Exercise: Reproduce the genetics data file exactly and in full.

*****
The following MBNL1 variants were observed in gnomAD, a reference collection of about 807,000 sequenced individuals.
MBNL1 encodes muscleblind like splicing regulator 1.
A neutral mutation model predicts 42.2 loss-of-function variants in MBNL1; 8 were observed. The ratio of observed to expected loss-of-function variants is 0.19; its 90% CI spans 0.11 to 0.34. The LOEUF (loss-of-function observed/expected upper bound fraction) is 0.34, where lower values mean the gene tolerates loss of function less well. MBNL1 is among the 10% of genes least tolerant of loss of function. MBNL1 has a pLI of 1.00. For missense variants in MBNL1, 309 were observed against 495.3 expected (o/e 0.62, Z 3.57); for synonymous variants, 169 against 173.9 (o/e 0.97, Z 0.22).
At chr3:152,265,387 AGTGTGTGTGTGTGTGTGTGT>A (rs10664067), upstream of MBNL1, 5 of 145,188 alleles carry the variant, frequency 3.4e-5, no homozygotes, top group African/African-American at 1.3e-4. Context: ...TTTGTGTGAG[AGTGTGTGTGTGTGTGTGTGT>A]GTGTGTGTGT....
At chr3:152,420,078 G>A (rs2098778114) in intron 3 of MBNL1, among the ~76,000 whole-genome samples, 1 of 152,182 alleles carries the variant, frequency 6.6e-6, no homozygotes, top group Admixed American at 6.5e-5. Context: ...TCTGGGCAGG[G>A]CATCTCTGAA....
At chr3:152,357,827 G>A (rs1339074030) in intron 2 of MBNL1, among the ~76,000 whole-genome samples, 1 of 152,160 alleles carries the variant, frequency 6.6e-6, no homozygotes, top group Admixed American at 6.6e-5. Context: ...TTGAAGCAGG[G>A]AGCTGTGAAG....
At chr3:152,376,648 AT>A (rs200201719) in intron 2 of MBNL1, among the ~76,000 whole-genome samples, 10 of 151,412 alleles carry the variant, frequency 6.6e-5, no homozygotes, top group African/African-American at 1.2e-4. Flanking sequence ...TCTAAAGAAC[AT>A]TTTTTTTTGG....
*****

The following MBNL1 variants were observed in gnomAD, a reference collection of about 807,000 sequenced individuals.
MBNL1 encodes muscleblind like splicing regulator 1.
A neutral mutation model predicts 42.2 loss-of-function variants in MBNL1; 8 were observed. The ratio of observed to expected loss-of-function variants is 0.19; its 90% CI spans 0.11 to 0.34. The LOEUF (loss-of-function observed/expected upper bound fraction) is 0.34, where lower values mean the gene tolerates loss of function less well. MBNL1 is among the 10% of genes least tolerant of loss of function. MBNL1 has a pLI of 1.00. For missense variants in MBNL1, 309 were observed against 495.3 expected (o/e 0.62, Z 3.57); for synonymous variants, 169 against 173.9 (o/e 0.97, Z 0.22).
At chr3:152,265,387 AGTGTGTGTGTGTGTGTGTGT>A (rs10664067), upstream of MBNL1, 5 of 145,188 alleles carry the variant, frequency 3.4e-5, no homozygotes, top group African/African-American at 1.3e-4. Context: ...TTTGTGTGAG[AGTGTGTGTGTGTGTGTGTGT>A]GTGTGTGTGT....
At chr3:152,420,078 G>A (rs2098778114) in intron 3 of MBNL1, among the ~76,000 whole-genome samples, 1 of 152,182 alleles carries the variant, frequency 6.6e-6, no homozygotes, top group Admixed American at 6.5e-5. Context: ...TCTGGGCAGG[G>A]CATCTCTGAA....
At chr3:152,357,827 G>A (rs1339074030) in intron 2 of MBNL1, among the ~76,000 whole-genome samples, 1 of 152,160 alleles carries the variant, frequency 6.6e-6, no homozygotes, top group Admixed American at 6.6e-5. Context: ...TTGAAGCAGG[G>A]AGCTGTGAAG....
At chr3:152,376,648 AT>A (rs200201719) in intron 2 of MBNL1, among the ~76,000 whole-genome samples, 10 of 151,412 alleles carry the variant, frequency 6.6e-5, no homozygotes, top group African/African-American at 1.2e-4. Flanking sequence ...TCTAAAGAAC[AT>A]TTTTTTTTGG....